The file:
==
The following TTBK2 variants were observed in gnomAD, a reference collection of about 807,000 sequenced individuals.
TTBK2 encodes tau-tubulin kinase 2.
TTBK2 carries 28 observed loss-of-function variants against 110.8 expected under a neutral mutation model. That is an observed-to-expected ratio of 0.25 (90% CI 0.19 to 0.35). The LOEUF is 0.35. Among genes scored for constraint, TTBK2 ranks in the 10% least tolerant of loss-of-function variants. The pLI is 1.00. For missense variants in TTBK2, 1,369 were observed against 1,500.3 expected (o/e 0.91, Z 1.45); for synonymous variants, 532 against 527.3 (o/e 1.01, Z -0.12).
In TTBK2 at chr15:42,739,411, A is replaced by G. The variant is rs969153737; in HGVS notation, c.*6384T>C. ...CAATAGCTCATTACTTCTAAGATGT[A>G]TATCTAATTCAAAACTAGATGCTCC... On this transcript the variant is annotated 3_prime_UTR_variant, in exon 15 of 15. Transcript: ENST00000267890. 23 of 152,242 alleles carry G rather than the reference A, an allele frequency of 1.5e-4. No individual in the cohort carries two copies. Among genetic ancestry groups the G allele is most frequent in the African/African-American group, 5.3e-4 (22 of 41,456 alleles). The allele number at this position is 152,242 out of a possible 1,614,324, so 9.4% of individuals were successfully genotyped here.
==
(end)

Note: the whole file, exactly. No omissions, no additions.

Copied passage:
The following TTBK2 variants were observed in gnomAD, a reference collection of about 807,000 sequenced individuals.
TTBK2 encodes tau-tubulin kinase 2.
TTBK2 carries 28 observed loss-of-function variants against 110.8 expected under a neutral mutation model. That is an observed-to-expected ratio of 0.25 (90% CI 0.19 to 0.35). The LOEUF is 0.35. Among genes scored for constraint, TTBK2 ranks in the 10% least tolerant of loss-of-function variants. The pLI is 1.00. For missense variants in TTBK2, 1,369 were observed against 1,500.3 expected (o/e 0.91, Z 1.45); for synonymous variants, 532 against 527.3 (o/e 1.01, Z -0.12).
In TTBK2 at chr15:42,739,411, A is replaced by G. The variant is rs969153737; in HGVS notation, c.*6384T>C. ...CAATAGCTCATTACTTCTAAGATGT[A>G]TATCTAATTCAAAACTAGATGCTCC... On this transcript the variant is annotated 3_prime_UTR_variant, in exon 15 of 15. Transcript: ENST00000267890. 23 of 152,242 alleles carry G rather than the reference A, an allele frequency of 1.5e-4. No individual in the cohort carries two copies. Among genetic ancestry groups the G allele is most frequent in the African/African-American group, 5.3e-4 (22 of 41,456 alleles). The allele number at this position is 152,242 out of a possible 1,614,324, so 9.4% of individuals were successfully genotyped here.